In general, there are three types of service, i.e. flat, slice, and kick. In a flat service, you have to hit the ball with minimal use of spin. The aim of a flat serve is to get the maximum power where the speed of the ball may reach up to 240 km/h.

Both in kick and slice serves, you have to hit the ball with a brushing action to create spin. In the case of a kick serve, topspin comes into action whereas, in a slice serve, you have to brush the ball to produce sidespin.

Volley

Volley in tennis
Photo: Frédéric de Villamil/ Wikimedia Commons/ CC BY-SA 2.0

In tennis, a volley is one of the offensive shots when a player takes the opportunity to hit the ball before it bounces on his side of the court. The aim of a volley is to cut down the reaction time of your opponent by making it harder to return. When a player hits a volley near the net ( Which is more common), he has the opportunity to place the ball anywhere in the wide area available by angling the racket’s face.

Volleys are of two types, forehand, and backhand volley, which are taken from your dominant and non-dominant sides respectively. To execute a volley, a player should have good hand-eye coordination. Though the continental grip is common for a volley, some pro players take the use of the eastern forehand grip also.

Half-Volley

Half volley shot in tennis
Photo: JC/ Wikimedia Commons/ CC BY-SA 2.0

The half-volley is a tennis shot when a player hits a ball just after the bounce. A half-volley is not an easy shot to execute. Timing is important to play this “On the rise shot” properly. For a half-volley shot, you don’t need a full backswing, rather you have to be low to the ball.

Drop Shot

Drop shot
Photo: Mike McCune/ Wikimedia Commons/ CC BY 2.0

In tennis, the drop shot is used to place the ball very short over the net. In a drop shot, a player strikes the ball softly with the use of backspin or with the combination of backspin and sidespin so that the ball flows bearly over the net. To execute a drop shot, you have to brush the ball from high to low with a short backswing.

The drop shot is more effective when it is played as a surprise element. When there is a longer rally, you can take the advantage of a drop shot to off-balance your opponent to make it difficult for him to reach near the ball before the second bounce. The continental grip is the best for playing a drop shot.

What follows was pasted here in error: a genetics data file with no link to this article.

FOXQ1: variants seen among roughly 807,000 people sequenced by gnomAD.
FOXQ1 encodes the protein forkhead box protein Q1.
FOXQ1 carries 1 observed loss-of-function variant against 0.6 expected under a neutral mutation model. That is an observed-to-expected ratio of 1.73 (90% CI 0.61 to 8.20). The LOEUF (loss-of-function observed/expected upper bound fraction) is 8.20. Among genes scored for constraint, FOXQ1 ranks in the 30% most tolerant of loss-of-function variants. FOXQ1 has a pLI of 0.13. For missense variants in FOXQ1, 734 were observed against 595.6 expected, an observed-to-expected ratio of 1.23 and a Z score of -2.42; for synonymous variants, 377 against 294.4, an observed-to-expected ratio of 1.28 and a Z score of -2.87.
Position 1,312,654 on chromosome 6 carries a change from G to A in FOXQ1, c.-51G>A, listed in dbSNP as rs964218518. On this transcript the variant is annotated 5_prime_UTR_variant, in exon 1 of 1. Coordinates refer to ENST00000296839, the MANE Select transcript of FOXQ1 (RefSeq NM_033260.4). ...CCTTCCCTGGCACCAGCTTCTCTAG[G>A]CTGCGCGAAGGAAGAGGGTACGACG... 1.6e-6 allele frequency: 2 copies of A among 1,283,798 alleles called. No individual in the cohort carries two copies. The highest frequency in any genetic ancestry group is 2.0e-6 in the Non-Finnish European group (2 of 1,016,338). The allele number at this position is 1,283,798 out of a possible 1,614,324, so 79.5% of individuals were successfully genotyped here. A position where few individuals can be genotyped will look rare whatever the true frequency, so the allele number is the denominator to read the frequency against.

Lob

Lob, one of the shots in tennis
Photo: Charlie Cowins/ Wikimedia Commons/ CC BY 2.0

The lob is an offensive/ defensive shot in tennis to place the ball high and deep enough to the opponent’s side. When you find your opponent at the net waiting for an overhead smash, take the use of this offensive lob shot by playing the ball high over his head into the back of the court so that it is not possible for him to reach near the ball. The addition of topspin increases the consistency and effectiveness of this offensive drop shot.

You can use this lob shot in a defensive manner when you need time to position yourself on the court. If you are under attack or out of the court, a high defensive lob gives you the opportunity to rearrange yourself to counter the next shot.

Smash

Smash, the most aggressive shot
Photo: Keith Allison/ Wikimedia Commons/ CC BY-SA 2.0

Players use the smash shot, also known as overhead, to take full advantage of a poorly played lob shot. It is an aggressive shot, the action of which looks like a serve-in-motion. An overhead smash is hit over the head and in front of the body with a powerful downward swing of the racket. Like in most tennis shots, the continental grip is the best for an overhead smash shot.

Though the forehand smash is easier to play, pro players use the backhand smash with the angled racket face to finish off a point.